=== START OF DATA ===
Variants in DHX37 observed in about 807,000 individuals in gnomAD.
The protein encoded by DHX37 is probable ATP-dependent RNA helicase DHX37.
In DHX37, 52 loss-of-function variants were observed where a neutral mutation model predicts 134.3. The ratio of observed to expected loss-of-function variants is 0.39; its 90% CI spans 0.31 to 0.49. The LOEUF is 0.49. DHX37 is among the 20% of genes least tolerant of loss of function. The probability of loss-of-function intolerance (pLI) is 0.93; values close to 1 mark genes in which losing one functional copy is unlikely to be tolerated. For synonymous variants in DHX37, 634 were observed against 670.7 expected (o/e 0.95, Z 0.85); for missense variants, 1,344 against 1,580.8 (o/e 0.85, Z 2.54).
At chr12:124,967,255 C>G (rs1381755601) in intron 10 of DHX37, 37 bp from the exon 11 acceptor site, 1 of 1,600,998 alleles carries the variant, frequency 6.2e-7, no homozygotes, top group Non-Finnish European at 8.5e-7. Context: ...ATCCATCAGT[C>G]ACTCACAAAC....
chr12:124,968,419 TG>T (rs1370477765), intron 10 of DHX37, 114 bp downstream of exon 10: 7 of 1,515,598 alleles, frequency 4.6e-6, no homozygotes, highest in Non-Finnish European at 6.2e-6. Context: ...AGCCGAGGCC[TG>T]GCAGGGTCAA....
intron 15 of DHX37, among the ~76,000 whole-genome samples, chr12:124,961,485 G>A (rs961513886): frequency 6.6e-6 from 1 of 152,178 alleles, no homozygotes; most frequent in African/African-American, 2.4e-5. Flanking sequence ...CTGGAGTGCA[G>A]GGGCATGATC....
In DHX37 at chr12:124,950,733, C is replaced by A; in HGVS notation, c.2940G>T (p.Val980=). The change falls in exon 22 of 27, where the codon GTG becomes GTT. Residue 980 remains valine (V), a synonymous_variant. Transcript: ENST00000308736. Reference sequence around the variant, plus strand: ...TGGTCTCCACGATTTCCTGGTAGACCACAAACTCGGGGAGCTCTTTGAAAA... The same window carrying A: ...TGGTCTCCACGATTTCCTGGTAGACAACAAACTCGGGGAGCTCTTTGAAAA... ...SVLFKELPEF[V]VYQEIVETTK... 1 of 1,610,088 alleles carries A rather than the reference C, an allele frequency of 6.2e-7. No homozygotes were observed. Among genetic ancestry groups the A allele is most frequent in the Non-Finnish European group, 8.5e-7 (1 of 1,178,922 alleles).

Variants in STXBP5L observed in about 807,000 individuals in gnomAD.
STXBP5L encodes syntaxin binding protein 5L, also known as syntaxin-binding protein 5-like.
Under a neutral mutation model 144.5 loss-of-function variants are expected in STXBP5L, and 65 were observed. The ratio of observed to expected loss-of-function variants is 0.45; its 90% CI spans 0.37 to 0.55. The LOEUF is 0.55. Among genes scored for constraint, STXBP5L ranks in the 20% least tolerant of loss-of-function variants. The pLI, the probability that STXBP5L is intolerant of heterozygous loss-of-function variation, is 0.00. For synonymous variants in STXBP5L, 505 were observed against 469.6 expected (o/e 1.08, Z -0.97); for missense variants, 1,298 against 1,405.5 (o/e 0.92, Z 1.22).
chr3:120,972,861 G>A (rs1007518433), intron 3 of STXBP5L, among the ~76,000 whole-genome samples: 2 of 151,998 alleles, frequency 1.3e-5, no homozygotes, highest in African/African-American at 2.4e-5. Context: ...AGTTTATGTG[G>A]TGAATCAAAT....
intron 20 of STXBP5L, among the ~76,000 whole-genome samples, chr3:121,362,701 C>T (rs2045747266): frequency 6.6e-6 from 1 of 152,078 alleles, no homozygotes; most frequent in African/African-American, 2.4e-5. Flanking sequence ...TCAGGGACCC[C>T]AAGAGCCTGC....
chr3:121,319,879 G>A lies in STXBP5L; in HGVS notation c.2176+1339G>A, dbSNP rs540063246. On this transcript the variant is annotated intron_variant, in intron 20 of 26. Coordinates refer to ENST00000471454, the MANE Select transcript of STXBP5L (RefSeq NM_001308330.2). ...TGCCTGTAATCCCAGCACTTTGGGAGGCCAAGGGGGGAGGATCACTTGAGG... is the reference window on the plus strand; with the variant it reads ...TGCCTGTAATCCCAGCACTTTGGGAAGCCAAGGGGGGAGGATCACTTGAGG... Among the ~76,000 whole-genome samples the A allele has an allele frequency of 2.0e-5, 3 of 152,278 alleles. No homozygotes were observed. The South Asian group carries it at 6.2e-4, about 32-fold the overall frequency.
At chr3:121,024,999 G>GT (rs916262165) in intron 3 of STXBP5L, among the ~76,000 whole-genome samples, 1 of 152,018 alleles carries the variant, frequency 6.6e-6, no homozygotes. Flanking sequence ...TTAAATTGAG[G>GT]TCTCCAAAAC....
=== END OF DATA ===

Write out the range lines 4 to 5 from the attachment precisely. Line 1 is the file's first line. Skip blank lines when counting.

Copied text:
At chr12:124,967,255 C>G (rs1381755601) in intron 10 of DHX37, 37 bp from the exon 11 acceptor site, 1 of 1,600,998 alleles carries the variant, frequency 6.2e-7, no homozygotes, top group Non-Finnish European at 8.5e-7. Context: ...ATCCATCAGT[C>G]ACTCACAAAC....
chr12:124,968,419 TG>T (rs1370477765), intron 10 of DHX37, 114 bp downstream of exon 10: 7 of 1,515,598 alleles, frequency 4.6e-6, no homozygotes, highest in Non-Finnish European at 6.2e-6. Context: ...AGCCGAGGCC[TG>T]GCAGGGTCAA....